BIC BRUSSELS — A new statement by the Brussels Office of the Bahá’í International Community (BIC) explores one of the most pressing questions facing Europe today—how to overcome racial and other forms of prejudice.
The statement, titled “Reflections on the implementation of action plans against racism: Fostering social cohesion at the grassroots,” coincided with last week’s European Union (EU) conference that was held in Stockholm, Sweden, on the implementation of member states’ action plans against racism. These plans follow the adoption of the EU Anti-Racism Action Plan 2020-2025 announced shortly after the 2020 demonstrations across the United States and worldwide calling for racial justice.
The BIC statement highlights that the adoption of national action plans by EU member states acknowledging the need to address prejudice is a positive step. However, the statement notes that “deep-seated prejudices cannot be unrooted from the hearts and minds of individuals—much less from the structures that underpin society and the institutions that serve it—through anti-racism legislation alone.”
Elaborating on this, Rachel Bayani of the Brussels Office emphasizes that addressing inequality and racism in the increasingly diverse cities and villages of Europe requires a careful examination of the dynamics of community life at the local level.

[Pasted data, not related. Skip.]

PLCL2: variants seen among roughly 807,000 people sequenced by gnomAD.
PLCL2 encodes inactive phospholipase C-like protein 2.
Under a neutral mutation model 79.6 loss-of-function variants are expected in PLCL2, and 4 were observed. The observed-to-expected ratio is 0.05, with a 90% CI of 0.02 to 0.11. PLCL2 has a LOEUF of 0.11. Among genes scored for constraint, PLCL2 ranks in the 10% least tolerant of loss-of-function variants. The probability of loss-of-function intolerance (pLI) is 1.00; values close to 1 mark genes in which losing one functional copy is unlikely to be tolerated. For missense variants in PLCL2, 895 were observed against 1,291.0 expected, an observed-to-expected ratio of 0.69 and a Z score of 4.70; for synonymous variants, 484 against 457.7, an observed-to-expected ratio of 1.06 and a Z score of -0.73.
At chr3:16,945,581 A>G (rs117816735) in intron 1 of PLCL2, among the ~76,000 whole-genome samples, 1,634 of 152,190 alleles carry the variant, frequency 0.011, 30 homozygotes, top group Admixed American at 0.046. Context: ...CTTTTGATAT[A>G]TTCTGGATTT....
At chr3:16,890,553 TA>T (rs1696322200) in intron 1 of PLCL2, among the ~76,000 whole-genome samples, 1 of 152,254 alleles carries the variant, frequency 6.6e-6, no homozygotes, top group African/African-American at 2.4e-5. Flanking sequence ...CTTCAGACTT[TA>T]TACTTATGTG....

“Achieving harmony at the grassroots is vital to overcoming racism at all levels of society,” she says. “If people merely aspire to live side-by-side without striving for unity and cohesion, then harmful attitudes will persist.”
The BIC statement draws on insights from experiences in Bahá’í community-building activities throughout Europe, noting that when people from diverse backgrounds work together in initiatives that contribute to the material and spiritual progress of their neighborhoods, they encounter perspectives different from their own, build close bonds of friendship, and become more conscious of the discrimination faced by their neighbors.
The BIC statement also refers to new possibilities that could emerge for addressing racial prejudice if national and European institutions were to view the populations they serve “as endowed with capacity and as protagonists of change.” Through this lens, local populations would be seen as a source of strength for a community. This untapped potential, suggests the BIC, could be realized through the creation of consultative spaces where officials and residents can work together to address community needs and contribute to policymaking.
The BIC statement, which can be viewed here, is part of the Brussels Office’s ongoing efforts to contribute to the discourse on social cohesion and global governance.